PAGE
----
Monday, October 13, 2008

Free Falling... not


Someone online had asked about taking those 'chemo type' meds for my Rheumatoid Arthritis and if I had ever tried them. I don't remember who asked... maybe my Sangria friend, Linda? Maybe, but I do remember that I didn't answer.


I do, in fact, take one of those medicines. I have in the past taken several; some that worked, some that didn't.


The best one I ever took was Remicade, which was given in a montly IV infusion. It was the best. Unfortunately, at about 10 months into the treatment, my body began to have an allergic reaction. After two months of trying to work around that (by dosing me with steriods via IV and benedryl) the allergic reaction progressed to chest/breathing discomfort, hot flashes, and we had to stop as anaphylaxis (or my throat closing) was probably next.


I also tried Orencia - also a once monthly IV infusion, but it didn't work that well and I had horrible mouth sores the entire time I was on it. Imagine constant cold sores. Ack. It was NOT fun.


I am currently on Enbrel, which is a shot that you give yourself at home once a week. It is similar to Humira which you also give yourself at home.


In addition to that shot, I also take 2 other immunosuppressive drugs, methotrexate and plaquenil. For some reason, Rheumatoid Arthritis and its ilk, respond best to this 'cocktail' type approach. My lupus is supposedly in remission, which is good.


What prompted me to do this entry tonight? Well, it was two commercials I saw on tv for Rheumatoid Arthritis drugs. One was for Enbrel and one for Orencia.


The Enbrel one annoys me everytime I see it. Oh yeah - take Enbrel and ride bikes and hike and run and be just great!! Pffft.


The Orencia one was by far the better commercial, MUCH more accurate in its description of what it can and will do for you. It showed a woman in her 40's like me (except she was all skinny and cute, the bitch, but that's hollywood!) just happy to be able to do simple things. Open a big jar, cut up food, hold the steering wheel not so painfully, button her clothing easier, etc.


I shouted in my head - YES! That is it! The TRUTH! MOST of us on these drugs are just happy to get that. Just being able to do stuff with our family, take care of simple personal needs, and live. That's it.


Oh maybe there are a few who feel so wonderful that they can do all those super active things in the Enbrel commercial - and yippee for them - but that hasn't been mine or most people's experience with these diseases.


I have been emailing with a group for 4 years, and none of us, despite the multi-medication cocktails can do any of that. Not anymore. Some are more active than others, but all of us struggle.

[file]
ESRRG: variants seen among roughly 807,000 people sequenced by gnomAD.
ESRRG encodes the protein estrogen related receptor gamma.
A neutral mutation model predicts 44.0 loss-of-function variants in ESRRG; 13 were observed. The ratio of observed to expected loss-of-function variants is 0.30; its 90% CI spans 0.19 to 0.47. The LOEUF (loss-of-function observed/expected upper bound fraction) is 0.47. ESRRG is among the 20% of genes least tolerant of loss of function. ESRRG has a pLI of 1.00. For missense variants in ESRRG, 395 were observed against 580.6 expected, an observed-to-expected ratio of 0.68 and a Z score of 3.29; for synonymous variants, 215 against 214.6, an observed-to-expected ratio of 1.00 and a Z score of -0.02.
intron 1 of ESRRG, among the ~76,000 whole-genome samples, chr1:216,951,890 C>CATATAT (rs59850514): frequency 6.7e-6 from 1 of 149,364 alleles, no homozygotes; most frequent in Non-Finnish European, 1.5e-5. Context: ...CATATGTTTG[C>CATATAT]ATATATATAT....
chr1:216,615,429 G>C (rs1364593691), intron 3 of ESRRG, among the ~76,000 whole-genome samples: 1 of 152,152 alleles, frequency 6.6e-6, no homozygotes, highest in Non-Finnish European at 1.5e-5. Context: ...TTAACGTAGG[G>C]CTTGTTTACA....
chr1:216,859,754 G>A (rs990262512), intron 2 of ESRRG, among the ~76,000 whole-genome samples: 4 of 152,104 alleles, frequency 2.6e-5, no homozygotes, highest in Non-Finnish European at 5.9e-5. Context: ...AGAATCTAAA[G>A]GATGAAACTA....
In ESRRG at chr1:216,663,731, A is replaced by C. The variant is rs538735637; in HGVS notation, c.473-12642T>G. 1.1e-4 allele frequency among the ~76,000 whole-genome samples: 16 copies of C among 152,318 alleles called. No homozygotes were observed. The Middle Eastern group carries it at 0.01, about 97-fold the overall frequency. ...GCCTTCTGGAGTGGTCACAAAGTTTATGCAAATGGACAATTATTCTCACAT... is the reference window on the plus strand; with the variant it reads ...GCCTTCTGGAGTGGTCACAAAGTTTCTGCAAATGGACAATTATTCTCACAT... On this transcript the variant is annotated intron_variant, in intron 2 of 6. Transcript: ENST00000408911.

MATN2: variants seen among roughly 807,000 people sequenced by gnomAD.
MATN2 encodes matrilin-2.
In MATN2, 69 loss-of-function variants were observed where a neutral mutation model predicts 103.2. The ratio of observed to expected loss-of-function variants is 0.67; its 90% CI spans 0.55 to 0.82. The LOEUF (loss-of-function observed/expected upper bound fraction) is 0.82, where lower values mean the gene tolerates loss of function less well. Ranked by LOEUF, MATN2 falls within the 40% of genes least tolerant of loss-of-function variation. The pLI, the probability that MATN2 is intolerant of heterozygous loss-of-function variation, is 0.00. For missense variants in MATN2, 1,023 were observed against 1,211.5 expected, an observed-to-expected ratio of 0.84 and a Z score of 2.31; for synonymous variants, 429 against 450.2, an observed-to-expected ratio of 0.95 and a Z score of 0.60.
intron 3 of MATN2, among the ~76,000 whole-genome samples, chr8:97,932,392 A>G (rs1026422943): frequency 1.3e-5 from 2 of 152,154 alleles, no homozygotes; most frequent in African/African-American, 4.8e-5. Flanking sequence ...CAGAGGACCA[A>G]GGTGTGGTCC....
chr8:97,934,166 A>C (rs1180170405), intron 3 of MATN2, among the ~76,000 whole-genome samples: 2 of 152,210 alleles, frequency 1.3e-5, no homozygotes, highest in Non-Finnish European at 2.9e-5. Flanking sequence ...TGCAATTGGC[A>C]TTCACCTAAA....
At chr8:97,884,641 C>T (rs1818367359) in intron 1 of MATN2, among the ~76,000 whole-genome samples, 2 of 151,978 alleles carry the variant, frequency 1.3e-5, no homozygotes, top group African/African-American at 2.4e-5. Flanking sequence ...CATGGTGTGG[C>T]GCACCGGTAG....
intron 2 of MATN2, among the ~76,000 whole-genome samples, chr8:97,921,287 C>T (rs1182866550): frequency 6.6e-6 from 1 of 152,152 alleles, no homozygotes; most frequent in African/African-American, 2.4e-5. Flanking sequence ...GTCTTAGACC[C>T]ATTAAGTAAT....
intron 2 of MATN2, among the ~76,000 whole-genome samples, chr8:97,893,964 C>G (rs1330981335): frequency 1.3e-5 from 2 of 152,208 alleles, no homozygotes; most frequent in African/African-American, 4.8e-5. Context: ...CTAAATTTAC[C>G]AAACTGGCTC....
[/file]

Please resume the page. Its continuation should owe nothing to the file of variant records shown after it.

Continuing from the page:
All of us have had flares so badly (even with the meds) that we can barely get out of bed. Many of us take our morning meds and watch the clock as we wait for the relief to start to kick in.


And, yes, I also drink my beloved coffee to help jump start the ole' bones!


Most of us, including me, take really strong anti-inflammatory meds each day, too. And, pain killers. And, many of us prednisone.


I am lucky that I am not on the prednisone, but it is a double-edged sword. My life day to day would be better on it, but it's side effects will harm me more in the long term. Long term use usually brings diabetes and kidney problems and brittle bones.


Not that I am without side effects now. The Enbrel and the methotrexate tire me out. Only for a day, better than full chemo, but it is there. The methotrexate also sometimes upsets my stomach. The plaquenil has dried out my skin and made me ultra-sensitive to sunlight.


My dad often complains that I should just stop taking all the medications, because they don't work. But I know they do. I would barely leave bed at all without them. Even worse would be the internal damage to my joints which they aren't stopping completely, but they have slowed to a crawl.


Living with Rheumatoid arthritis is hard, but thanks to these drugs we are living with it now. It no longer is shortening life spans by ten years or putting you in a wheelchair by sixty. I'll take that.


It is an invisible disease though. And, sometimes it is hard. So, when you see a woman or man who looks too young to be in the handicapped space or using a motorized chair/cart at the store - think twice before you judge.


It may be me or one of my pals, having a bad day and just using the tools out there to make our lives easier.


Oh my... I have really rambled on haven't I? Thanks for reading if you didn't start snoring halfway down! LOL


be well...

16 comments:

Marty said...

Hi Dawn,
You didn't ramble at all ... this sounds like a very clear and honest description of what you're going through and I can only imagine what it must be like. I'll never understand why these things happen, why people get these terrible diseases and why the treatments sometimes seem like such a crap shoot.
Best,
Marty

Chris/cacklinrosie101 said...